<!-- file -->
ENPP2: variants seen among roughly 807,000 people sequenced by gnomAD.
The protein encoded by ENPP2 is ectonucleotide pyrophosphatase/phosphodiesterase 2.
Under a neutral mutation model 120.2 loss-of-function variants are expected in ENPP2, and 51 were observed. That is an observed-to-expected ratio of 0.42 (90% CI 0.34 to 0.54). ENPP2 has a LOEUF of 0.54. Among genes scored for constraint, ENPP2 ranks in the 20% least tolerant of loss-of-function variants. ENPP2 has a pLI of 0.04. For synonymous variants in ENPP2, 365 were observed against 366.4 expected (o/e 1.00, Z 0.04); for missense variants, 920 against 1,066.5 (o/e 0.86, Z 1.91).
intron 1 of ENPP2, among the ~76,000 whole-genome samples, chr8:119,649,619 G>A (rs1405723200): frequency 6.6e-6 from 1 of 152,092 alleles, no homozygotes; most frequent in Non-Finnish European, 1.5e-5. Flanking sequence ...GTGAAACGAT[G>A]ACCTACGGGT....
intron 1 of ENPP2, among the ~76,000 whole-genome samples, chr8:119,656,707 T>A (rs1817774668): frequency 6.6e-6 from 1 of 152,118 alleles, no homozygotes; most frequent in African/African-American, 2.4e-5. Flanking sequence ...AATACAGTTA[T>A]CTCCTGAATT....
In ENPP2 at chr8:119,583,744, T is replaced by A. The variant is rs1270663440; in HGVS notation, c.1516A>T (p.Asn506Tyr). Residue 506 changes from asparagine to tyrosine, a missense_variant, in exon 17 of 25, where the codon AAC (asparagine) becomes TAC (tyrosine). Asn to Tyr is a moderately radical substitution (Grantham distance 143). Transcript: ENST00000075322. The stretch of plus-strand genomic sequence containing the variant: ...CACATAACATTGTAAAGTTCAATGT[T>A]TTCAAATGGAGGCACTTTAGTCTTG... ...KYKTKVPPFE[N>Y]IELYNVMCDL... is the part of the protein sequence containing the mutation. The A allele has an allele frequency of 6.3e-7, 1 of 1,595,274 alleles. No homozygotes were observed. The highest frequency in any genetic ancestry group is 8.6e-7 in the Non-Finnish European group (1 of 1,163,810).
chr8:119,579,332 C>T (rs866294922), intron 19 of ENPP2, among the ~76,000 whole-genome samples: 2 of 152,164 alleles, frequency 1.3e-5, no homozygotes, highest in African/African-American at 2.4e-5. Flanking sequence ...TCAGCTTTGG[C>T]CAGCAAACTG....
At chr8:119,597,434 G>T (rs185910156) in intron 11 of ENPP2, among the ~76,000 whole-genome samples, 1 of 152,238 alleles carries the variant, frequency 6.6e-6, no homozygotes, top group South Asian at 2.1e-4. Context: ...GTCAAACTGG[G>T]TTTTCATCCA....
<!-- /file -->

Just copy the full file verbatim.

ENPP2: variants seen among roughly 807,000 people sequenced by gnomAD.
The protein encoded by ENPP2 is ectonucleotide pyrophosphatase/phosphodiesterase 2.
Under a neutral mutation model 120.2 loss-of-function variants are expected in ENPP2, and 51 were observed. That is an observed-to-expected ratio of 0.42 (90% CI 0.34 to 0.54). ENPP2 has a LOEUF of 0.54. Among genes scored for constraint, ENPP2 ranks in the 20% least tolerant of loss-of-function variants. ENPP2 has a pLI of 0.04. For synonymous variants in ENPP2, 365 were observed against 366.4 expected (o/e 1.00, Z 0.04); for missense variants, 920 against 1,066.5 (o/e 0.86, Z 1.91).
intron 1 of ENPP2, among the ~76,000 whole-genome samples, chr8:119,649,619 G>A (rs1405723200): frequency 6.6e-6 from 1 of 152,092 alleles, no homozygotes; most frequent in Non-Finnish European, 1.5e-5. Flanking sequence ...GTGAAACGAT[G>A]ACCTACGGGT....
intron 1 of ENPP2, among the ~76,000 whole-genome samples, chr8:119,656,707 T>A (rs1817774668): frequency 6.6e-6 from 1 of 152,118 alleles, no homozygotes; most frequent in African/African-American, 2.4e-5. Flanking sequence ...AATACAGTTA[T>A]CTCCTGAATT....
In ENPP2 at chr8:119,583,744, T is replaced by A. The variant is rs1270663440; in HGVS notation, c.1516A>T (p.Asn506Tyr). Residue 506 changes from asparagine to tyrosine, a missense_variant, in exon 17 of 25, where the codon AAC (asparagine) becomes TAC (tyrosine). Asn to Tyr is a moderately radical substitution (Grantham distance 143). Transcript: ENST00000075322. The stretch of plus-strand genomic sequence containing the variant: ...CACATAACATTGTAAAGTTCAATGT[T>A]TTCAAATGGAGGCACTTTAGTCTTG... ...KYKTKVPPFE[N>Y]IELYNVMCDL... is the part of the protein sequence containing the mutation. The A allele has an allele frequency of 6.3e-7, 1 of 1,595,274 alleles. No homozygotes were observed. The highest frequency in any genetic ancestry group is 8.6e-7 in the Non-Finnish European group (1 of 1,163,810).
chr8:119,579,332 C>T (rs866294922), intron 19 of ENPP2, among the ~76,000 whole-genome samples: 2 of 152,164 alleles, frequency 1.3e-5, no homozygotes, highest in African/African-American at 2.4e-5. Flanking sequence ...TCAGCTTTGG[C>T]CAGCAAACTG....
At chr8:119,597,434 G>T (rs185910156) in intron 11 of ENPP2, among the ~76,000 whole-genome samples, 1 of 152,238 alleles carries the variant, frequency 6.6e-6, no homozygotes, top group South Asian at 2.1e-4. Context: ...GTCAAACTGG[G>T]TTTTCATCCA....